'82 heart implant sparked progress

U. team implanted Jarvik-7 in Barney Clark 25 years ago

Published: Sunday, Nov. 25 2007 12:13 a.m. MST

Countless calves and sheep, pounds of plastic and Dacron, miles of tubing, a hot tub and hundreds of bright minds and willing hands figuratively lined the road on which Barney Clark made his journey into medical history on Dec. 1, 1982 — as the first human to receive a total artificial heart, with FDA approval.

A quarter century has passed since a University of Utah team, led by Dr. William DeVries, implanted the Jarvik-7 artificial heart in the failing body of the Seattle dentist, so the anniversary is a fitting time to look at what led to the groundbreaking surgery and what has followed.

Later this week, U. officials and the Utah Artificial Heart Institute will host a two-day symposium at Huntsman Cancer Institute to mark the milestone. Many of the biggest names in heart repair — mechanical and medicinal — will gather Friday and Saturday to compare notes, celebrate Clark's legacy and discuss the future of cardiovascular treatment in a world where heart disease is the leading cause of death.

Barney Clark was born and educated in Provo, a Utah boy who moved to Seattle to study dentistry and stayed until the failure of his heart brought him back to seek care, first at LDS Hospital and later in the U.'s artificial heart program. He'd married UnaLoy Mason and they had three grown children, Stephen, Gary and Karen.

He consulted a young doctor at LDS Hospital, Jeffrey Anderson, now associate chief of cardiology at Intermountain Medical Center. LDS was just starting up a heart transplant program.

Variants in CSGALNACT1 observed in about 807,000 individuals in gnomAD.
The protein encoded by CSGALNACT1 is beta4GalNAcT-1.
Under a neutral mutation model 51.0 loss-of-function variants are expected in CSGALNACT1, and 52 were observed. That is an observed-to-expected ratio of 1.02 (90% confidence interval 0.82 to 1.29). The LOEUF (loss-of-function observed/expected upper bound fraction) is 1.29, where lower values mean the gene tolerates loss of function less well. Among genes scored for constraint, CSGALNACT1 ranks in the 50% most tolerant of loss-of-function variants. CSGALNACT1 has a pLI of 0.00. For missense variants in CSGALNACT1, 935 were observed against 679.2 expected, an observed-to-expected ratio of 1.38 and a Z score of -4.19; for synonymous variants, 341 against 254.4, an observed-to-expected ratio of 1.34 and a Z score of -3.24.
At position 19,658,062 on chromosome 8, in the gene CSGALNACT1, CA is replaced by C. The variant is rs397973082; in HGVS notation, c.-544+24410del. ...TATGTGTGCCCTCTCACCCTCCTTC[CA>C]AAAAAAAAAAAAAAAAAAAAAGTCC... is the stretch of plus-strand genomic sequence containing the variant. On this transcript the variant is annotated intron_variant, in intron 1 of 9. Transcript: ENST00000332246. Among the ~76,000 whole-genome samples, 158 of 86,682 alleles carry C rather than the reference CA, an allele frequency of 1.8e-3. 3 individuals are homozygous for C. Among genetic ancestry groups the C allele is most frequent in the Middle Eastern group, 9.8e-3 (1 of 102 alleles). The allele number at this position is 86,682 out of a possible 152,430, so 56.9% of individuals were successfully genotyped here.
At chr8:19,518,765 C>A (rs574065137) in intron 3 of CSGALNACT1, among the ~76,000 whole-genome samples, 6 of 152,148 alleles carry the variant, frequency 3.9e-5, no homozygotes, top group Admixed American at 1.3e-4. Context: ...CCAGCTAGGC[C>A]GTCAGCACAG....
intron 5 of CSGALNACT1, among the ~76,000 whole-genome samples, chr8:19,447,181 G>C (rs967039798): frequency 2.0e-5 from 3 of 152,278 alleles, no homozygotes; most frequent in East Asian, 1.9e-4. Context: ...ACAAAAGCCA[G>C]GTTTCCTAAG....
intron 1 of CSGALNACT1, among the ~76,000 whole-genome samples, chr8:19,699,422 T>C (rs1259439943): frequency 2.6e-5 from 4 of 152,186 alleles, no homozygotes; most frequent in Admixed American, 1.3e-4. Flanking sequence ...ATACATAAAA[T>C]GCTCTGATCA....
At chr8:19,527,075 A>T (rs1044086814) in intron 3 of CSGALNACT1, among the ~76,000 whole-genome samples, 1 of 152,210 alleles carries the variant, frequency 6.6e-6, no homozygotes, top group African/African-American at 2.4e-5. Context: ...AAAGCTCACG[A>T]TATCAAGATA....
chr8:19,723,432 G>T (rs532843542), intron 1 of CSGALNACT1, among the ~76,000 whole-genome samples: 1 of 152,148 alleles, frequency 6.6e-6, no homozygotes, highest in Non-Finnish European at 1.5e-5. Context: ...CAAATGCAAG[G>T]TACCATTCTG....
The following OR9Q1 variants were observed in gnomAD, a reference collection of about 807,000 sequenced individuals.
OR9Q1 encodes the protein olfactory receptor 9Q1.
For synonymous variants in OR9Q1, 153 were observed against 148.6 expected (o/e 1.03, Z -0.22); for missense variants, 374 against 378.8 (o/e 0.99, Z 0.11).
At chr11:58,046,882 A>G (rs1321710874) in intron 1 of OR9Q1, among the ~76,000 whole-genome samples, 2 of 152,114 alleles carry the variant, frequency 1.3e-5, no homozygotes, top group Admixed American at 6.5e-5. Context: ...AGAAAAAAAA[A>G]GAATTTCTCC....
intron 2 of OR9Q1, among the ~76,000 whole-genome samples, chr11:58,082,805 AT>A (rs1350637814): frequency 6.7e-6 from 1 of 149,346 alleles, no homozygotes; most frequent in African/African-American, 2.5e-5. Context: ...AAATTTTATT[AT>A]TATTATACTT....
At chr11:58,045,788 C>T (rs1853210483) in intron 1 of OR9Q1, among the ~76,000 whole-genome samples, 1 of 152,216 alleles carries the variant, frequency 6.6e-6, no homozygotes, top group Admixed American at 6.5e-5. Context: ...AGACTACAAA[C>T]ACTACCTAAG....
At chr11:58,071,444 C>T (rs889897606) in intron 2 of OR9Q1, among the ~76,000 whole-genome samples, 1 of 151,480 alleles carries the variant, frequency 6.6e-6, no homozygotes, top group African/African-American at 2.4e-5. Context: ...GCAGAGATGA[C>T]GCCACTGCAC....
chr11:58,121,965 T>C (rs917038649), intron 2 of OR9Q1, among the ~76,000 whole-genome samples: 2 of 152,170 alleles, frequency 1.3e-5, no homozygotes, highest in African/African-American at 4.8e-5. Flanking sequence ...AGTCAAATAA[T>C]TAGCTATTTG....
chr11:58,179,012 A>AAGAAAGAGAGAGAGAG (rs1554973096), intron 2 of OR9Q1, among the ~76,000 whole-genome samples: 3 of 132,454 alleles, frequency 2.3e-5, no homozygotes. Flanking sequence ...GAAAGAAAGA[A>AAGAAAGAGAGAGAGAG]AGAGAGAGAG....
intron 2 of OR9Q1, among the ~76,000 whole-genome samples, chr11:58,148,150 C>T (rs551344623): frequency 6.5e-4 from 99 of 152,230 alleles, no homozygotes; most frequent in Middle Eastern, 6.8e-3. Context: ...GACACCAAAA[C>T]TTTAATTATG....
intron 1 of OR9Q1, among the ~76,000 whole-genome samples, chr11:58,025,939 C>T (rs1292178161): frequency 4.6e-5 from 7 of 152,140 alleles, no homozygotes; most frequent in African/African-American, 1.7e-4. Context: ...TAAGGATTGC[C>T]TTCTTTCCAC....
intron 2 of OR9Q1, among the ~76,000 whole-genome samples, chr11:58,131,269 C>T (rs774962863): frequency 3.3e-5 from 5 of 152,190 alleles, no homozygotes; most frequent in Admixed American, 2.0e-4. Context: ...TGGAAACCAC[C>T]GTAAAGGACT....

Initially, Clark was not a candidate for a human heart transplant. He was over 60 and had other medical problems. So Anderson managed his heart disease with medical therapy and clinical trials, "the latest and greatest at the time," he says today. That worked for a couple of years, then Clark began to fail rapidly.

About that time, Anderson had what he now calls a "key encounter in a hot tub" at the U. fieldhouse, where he and DeVries had each been working out. They chatted about the U's artificial heart program. Everyone knew by then that the U. was planning to implant someone; they were looking for the right candidate.

Anderson told DeVries about Clark, a man he recalls as "sophisticated medically and willing to be a guinea pig." Anderson sent Clark to see DeVries, and Clark's journey into history began.

"Barney was a real pioneer. He realized that with a first one, a lot can go wrong. He was willing to try," Anderson says.

Anderson was out of town when Clark's heart began the decline that would speed up the timeline for the historic surgery. He flew in during a mammoth snowstorm and went straight to the U., where he was also on the faculty, to watch the operation.

"Gosh, I wonder if this is going to make the local papers tomorrow," he remembers wondering.

Even in decline, Clark was a large man, about 200 pounds and over 6 feet tall, blessed with a chest that could accommodate what was a large, multichamber device.

He was also well-versed in the medical realities, aware that he would for his lifetime be tethered to mechanical out-of-body support by two, six-foot lines. It was hoped that with time that support would become more portable than the washer-size machine that powered his heart.

He was to be the first human recipient of a heart that had been used countless times in sheep and cows with funny names like "Tennyson" and "Abebe" and "Ted E. Bear," each with its own story.

One, Fernando, had three hearts, living 44 days on the Jarvik-7 before bridging to a transplant from his twin. He died 22 months later, not of complications from the hearts but from blood vessel problems caused by the repeated insertion of catheters to monitor his condition. Fernando proved that the mechanical heart could be a bridge to transplant — that the transplanted heart would grow with him.

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